50 Cent is the king of New York and Snoop rules L.A., but in the Dirty South, the clubs are booming Tennessee's Three 6 Mafia and Mississippi's David Banner. Like most regional rap favorites, Banner made his name selling indie CDs out of car trunks -- earning as big a local rep as national hitmakers. With ''Like a Pimp,'' his current chart-climbing collaboration with Houston's Lil' Flip, Banner is threatening to make a broader impact, but he remains a Southerner through and through.
On Mississippi: The Album, the MC and producer, formerly of Crooked Lettaz, employs the same syncopated vocal style as Three 6 Mafia and New Orleans' Mystikal: staccato syllables punctuated by drawled line closers. Banner uses the technique to greater effect than most of his colleagues by balancing gritty gangsta cuts with nuanced lyrical reflections on mortality and the South's legacy. In ''Mississippi,'' he describes a place ''Where the rebel flag still ain't burnin'/Where there's new schools but black kids still ain't learnin'.''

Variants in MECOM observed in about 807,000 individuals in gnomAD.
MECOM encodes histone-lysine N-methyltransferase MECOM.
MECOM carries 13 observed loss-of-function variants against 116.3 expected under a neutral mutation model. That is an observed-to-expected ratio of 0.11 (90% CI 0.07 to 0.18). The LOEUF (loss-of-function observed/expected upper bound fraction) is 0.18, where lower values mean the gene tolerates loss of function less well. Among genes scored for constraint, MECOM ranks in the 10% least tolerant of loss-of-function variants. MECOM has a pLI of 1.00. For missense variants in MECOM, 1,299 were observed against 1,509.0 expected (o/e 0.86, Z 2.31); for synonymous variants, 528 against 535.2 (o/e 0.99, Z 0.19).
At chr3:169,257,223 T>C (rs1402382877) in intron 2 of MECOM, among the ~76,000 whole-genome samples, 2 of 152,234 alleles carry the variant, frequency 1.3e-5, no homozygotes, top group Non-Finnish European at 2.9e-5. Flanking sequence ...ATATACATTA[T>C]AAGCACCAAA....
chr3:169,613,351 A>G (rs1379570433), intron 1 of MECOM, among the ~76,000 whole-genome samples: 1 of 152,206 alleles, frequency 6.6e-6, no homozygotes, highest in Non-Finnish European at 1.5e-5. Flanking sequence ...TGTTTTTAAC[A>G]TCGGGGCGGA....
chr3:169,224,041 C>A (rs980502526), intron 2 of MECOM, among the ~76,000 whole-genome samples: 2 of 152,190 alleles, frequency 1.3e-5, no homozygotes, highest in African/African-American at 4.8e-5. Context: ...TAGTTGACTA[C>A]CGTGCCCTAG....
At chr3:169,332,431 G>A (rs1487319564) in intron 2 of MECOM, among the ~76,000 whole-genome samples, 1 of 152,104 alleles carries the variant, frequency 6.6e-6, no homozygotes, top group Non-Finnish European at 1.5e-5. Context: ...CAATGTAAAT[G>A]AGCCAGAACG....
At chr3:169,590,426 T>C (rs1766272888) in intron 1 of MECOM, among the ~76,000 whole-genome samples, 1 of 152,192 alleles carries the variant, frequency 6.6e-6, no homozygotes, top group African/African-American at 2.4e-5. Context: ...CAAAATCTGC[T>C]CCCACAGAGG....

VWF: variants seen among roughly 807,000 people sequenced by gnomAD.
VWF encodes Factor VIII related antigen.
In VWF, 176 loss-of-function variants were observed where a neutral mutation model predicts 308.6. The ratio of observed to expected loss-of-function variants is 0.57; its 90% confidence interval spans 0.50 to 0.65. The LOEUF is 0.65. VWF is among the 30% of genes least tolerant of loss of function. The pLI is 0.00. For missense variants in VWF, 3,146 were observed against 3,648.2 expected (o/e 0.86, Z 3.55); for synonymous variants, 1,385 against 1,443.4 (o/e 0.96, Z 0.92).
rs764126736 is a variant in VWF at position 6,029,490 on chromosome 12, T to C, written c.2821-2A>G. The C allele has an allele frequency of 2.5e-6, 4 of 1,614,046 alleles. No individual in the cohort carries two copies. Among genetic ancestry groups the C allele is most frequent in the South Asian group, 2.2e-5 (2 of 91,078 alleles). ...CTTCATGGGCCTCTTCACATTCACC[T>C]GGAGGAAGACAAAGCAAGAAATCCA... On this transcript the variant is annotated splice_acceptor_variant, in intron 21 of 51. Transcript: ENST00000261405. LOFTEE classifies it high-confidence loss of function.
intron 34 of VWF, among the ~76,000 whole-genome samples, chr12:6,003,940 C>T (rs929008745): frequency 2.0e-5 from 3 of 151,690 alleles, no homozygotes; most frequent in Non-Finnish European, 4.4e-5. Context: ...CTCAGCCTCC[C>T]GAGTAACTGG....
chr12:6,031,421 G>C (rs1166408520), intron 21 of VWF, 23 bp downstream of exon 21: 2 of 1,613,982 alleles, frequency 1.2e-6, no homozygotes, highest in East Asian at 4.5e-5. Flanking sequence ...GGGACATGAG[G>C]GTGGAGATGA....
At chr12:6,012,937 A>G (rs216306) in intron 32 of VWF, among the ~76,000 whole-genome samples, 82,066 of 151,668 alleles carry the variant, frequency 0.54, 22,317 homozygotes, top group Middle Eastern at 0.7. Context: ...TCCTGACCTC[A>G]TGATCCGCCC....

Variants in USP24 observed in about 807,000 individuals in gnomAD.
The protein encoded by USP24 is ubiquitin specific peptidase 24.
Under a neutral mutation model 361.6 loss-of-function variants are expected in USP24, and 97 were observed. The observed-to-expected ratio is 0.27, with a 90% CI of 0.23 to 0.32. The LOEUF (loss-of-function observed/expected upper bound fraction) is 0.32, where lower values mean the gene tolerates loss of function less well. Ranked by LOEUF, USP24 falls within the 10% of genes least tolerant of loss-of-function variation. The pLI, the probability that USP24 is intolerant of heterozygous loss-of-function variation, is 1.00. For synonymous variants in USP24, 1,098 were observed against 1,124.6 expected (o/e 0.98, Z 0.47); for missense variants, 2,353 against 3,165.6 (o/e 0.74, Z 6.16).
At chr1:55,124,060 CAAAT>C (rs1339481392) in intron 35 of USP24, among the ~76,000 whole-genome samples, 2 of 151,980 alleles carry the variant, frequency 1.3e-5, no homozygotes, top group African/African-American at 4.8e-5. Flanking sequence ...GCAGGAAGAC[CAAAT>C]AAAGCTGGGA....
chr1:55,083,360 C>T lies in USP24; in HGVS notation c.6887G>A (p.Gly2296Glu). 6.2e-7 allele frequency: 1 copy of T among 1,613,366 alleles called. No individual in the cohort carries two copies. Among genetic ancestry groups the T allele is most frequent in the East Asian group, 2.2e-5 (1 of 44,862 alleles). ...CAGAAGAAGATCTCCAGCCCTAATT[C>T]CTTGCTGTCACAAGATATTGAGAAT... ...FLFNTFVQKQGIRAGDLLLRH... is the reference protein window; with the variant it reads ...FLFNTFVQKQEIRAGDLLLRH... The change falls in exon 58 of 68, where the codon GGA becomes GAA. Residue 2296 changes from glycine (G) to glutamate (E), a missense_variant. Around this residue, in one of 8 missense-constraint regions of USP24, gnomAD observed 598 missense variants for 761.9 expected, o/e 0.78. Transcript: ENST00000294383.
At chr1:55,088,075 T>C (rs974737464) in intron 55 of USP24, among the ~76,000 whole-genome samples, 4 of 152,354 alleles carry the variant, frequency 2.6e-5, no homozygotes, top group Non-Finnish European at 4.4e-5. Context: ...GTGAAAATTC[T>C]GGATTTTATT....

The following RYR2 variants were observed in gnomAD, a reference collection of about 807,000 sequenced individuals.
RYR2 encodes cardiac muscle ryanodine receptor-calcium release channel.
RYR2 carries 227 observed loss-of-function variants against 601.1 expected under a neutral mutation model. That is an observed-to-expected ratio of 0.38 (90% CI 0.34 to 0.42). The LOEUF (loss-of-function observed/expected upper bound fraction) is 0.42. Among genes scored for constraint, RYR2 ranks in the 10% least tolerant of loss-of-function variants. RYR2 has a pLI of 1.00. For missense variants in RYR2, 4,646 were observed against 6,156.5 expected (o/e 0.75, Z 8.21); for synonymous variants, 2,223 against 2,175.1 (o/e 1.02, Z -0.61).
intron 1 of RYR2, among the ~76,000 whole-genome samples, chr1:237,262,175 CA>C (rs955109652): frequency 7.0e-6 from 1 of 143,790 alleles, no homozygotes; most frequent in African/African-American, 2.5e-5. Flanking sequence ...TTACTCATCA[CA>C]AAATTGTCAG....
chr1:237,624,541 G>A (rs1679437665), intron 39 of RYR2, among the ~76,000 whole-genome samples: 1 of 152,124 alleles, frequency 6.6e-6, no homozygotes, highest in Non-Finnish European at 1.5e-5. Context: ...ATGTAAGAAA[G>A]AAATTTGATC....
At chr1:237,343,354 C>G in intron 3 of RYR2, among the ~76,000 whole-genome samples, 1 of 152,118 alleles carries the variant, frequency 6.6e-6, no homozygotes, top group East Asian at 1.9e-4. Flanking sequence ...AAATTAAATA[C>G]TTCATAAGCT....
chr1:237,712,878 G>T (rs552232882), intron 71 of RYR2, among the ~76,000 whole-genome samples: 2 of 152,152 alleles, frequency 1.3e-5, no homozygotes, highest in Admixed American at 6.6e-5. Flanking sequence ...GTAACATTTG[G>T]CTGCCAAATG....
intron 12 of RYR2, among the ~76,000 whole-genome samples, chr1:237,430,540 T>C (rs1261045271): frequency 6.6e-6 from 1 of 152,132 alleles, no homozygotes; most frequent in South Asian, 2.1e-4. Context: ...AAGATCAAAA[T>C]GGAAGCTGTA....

Banner further separates himself from his competitors by mingling run-of-the-mill synth beats with guitar-strummed melody. On the elegiac ''Cadillac on 22s,'' he offers an affecting prayer over an acoustic melody worthy of Lynyrd Skynyrd. With guests like Atlanta's Lil' Jon, Lil' Flip, and New Orleans' Fiend, Mississippi just might help the South rise again.